Data Dream

New deicing trucks undertake a training exercise at Charlotte/Douglas Airport in North Carolina, USA. (All images -Aviata)

Carroll McCormick explains how IceGuard brings aircraft deicing management and data collection into the 21st Century.

New deicing trucks undertake a training exercise at Charlotte/Douglas Airport in North Carolina, USA. (All images -Aviata)

The deicing operator climbs aboard truck 22, powers up the dashboard-mounted IceGuard Vehicle Module (VM) and logs in with his RFID security card.  The VM display shows that the truck has full tanks of Type I and Type IV glycol.  Tapping the VM touch screen, the deicing operator checks the ambient temperature and weather forecast.  The VM has already calculated the Type I glycol freeze point.
In the deicing pad tower, the deicing manager uses an IceGuard Pad Control Module (PCM) to drag and drop one of a list of waiting aircraft onto Deicing Pad Alpha, Slot-1, Position-1 of the deicing pad.  A graphic of the aircraft glides into place.  The deicing manager notices that truck 22, represented graphically as ‘22’ inside a circle, is available.  He sends a message to the deicing operator’s VM with instructions to go to Deicing Pad Alpha, Slot-1, Position-1.
The aircraft has arrived at Deicing Pad Alpha, Slot-1, Position-1 and the pilot has configured his aircraft for deicing.  He informs the pad manager: “Aircraft tail number 123 is configured for deicing.”  On his PCM the pad manager changes the colour of the box around the aircraft graphic from red to green and sends a message to truck 22 to begin deicing.

Deicing operators can refer to diagrams on the Vehicle Module that show where to deice and where not to.

The deicing operator selects the aircraft condition; eg, heavy snow or ice, on an aircraft graphic on his VM, with the numbers 1, 2, 3 and 4 at the four corners of the plane (pilot front, co-pilot front, pilot tail and co-pilot tail) he selects 1 – the area he has been assigned to deice.

The instant he begins, his VM automatically logs the deicing start time and starts counting the glycol usage.  On the PCM the graphic of truck 22 is now inside a flashing orange triangle: the operator is spraying Type I.  When the deicing operator switches to Type IV the flashing triangle turns green.
All the while, a stream of data from the VM, which will include the elapsed time of this deicing, quantities of Type I and IV used, aircraft and driver information are transmitting at user-selected intervals – as close to real time as the user wishes – via a cellular network to a Central Management Module (CMM), a third component of IceGuard, and onward to the PCM.
Deicing completed, truck 22’s flashing triangle turns grey and the aircraft is released to exit the pad.
Via a web interface, airline deicing managers and anyone else with reason to be in the data loop can access the CMM from anywhere and view, in real time, extensive data on this airport’s deicing activities.  They can prepare billing reports, assemble data into trends and even analyse truck engine data that the VM can collect via the J1939 serial bus.  The VM eliminates manual data collection and after-event data entry.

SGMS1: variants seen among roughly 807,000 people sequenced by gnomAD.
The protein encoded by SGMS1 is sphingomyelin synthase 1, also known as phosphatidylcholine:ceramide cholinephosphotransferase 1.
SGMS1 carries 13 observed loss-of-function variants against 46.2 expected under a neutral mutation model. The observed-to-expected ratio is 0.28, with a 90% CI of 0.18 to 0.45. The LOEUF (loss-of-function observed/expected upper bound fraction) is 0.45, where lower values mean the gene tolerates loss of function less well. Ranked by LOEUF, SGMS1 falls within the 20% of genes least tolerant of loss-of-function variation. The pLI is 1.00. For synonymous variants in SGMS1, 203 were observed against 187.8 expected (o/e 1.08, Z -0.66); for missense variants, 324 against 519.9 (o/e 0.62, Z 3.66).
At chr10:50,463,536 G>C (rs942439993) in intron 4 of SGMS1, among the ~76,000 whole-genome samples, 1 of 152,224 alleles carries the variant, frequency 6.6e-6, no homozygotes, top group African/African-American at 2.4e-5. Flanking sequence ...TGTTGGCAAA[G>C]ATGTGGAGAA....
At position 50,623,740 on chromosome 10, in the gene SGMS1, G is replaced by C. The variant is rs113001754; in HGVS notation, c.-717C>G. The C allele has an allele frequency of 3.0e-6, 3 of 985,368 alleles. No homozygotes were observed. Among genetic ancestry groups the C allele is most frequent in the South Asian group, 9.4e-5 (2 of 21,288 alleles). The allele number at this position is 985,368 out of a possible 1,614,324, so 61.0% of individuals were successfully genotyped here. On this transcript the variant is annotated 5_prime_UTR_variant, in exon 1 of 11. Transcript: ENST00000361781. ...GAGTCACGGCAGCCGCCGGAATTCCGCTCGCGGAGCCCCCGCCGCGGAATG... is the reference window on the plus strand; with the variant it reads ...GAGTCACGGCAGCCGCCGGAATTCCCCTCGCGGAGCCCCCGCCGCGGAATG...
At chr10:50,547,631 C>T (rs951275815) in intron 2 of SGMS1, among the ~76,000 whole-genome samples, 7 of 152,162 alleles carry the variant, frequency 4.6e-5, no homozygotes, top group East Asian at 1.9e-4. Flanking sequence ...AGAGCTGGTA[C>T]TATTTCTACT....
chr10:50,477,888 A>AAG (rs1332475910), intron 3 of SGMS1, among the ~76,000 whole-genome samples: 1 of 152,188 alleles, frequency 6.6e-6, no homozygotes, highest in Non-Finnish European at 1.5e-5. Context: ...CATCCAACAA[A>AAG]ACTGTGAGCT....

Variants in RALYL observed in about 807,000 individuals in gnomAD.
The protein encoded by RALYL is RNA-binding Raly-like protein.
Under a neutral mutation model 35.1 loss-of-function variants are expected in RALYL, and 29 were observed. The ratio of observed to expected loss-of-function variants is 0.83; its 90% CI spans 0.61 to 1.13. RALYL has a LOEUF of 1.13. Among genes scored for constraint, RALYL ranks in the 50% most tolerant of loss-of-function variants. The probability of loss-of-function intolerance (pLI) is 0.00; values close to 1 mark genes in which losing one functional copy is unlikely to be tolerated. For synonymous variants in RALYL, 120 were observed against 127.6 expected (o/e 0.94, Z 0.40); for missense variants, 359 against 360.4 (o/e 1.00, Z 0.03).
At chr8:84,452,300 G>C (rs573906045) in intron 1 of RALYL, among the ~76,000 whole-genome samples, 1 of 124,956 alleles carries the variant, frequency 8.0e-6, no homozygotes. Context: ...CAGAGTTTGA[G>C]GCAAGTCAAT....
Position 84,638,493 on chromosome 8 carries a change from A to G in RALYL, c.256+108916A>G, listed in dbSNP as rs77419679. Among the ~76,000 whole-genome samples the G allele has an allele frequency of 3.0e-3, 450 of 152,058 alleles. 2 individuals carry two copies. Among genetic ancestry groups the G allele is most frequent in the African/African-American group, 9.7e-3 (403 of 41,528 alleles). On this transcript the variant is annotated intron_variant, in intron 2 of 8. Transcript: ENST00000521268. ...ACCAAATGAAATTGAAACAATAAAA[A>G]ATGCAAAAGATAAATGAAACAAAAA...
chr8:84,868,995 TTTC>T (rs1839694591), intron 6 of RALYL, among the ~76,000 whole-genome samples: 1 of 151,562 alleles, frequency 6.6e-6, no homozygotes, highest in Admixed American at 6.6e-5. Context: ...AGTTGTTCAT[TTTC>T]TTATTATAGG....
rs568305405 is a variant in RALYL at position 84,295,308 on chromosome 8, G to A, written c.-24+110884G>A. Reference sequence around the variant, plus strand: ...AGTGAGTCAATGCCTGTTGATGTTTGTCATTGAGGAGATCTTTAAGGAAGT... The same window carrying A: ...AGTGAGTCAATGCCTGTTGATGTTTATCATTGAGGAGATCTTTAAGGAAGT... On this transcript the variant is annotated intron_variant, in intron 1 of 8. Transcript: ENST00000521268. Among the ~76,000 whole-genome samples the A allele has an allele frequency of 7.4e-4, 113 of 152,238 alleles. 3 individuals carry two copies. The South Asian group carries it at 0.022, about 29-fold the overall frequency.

Here, IceGuard correlates glycol usage with aircraft type.

IceGuard can also be used without the VM: operators collect deicing information with pen and paper and key it into the CMM later.
This brief sketch gives an idea of how IceGuard promises to revolutionise the management of aircraft deicing operations.  It is already in use at the Charlotte/Douglas Airport (CLT) in North Carolina – the world’s seventh-busiest in 2010.
IceGuard debuted in the 2010-11 season at CLT as the airport began a changeover from US Airways-owned deicing trucks and deicing to CLT-controlled services, 28 new airport-owned Global Ground Support trucks and a management service contract with Contego Systems LLC.
Contego recommended IceGuard to CLT when the airport was writing the performance specifications for the deicing management contract Request for Proposal.  CLT comments: “The Aviata system was included in the truck specifications, based on Contego’s recommendation.”
Bill Dempsey is one of the Directors of Contego and temporary General Manager of its CLT operation.  He explains the attraction of IceGuard: “You have to record every operation for the Federal Aviation Administration [FAA] but operators come in at the end of the day with all that data and you don’t know if it is accurate or not.  There is no audit trail to the beginning and end of each operation or the [amount of glycol used].  We had been trying to develop our own programme for a couple of years, and IceGuard had many more features than we had been able to develop, particularly text messaging and drag and drop of aircraft.  It [enabled] fluid management and pad management.”
IceGuard is the brainchild of David Condliffe, Chief Technology Officer and founder of Colchester, Vermont-based Aviata Systems, Inc.  He is a professional software developer with an electronics and engineering background and a quarter century of experience with big hitters like IBM, the Royal Mail, NATO and the Royal Navy.

The deicing pad manager uses the Pad Control Module to drag & drop, that is, assign aircraft to deicing slots. The orange, green and grey triangles are deicing trucks spraying Type 1, Type IV and not spraying, respectively.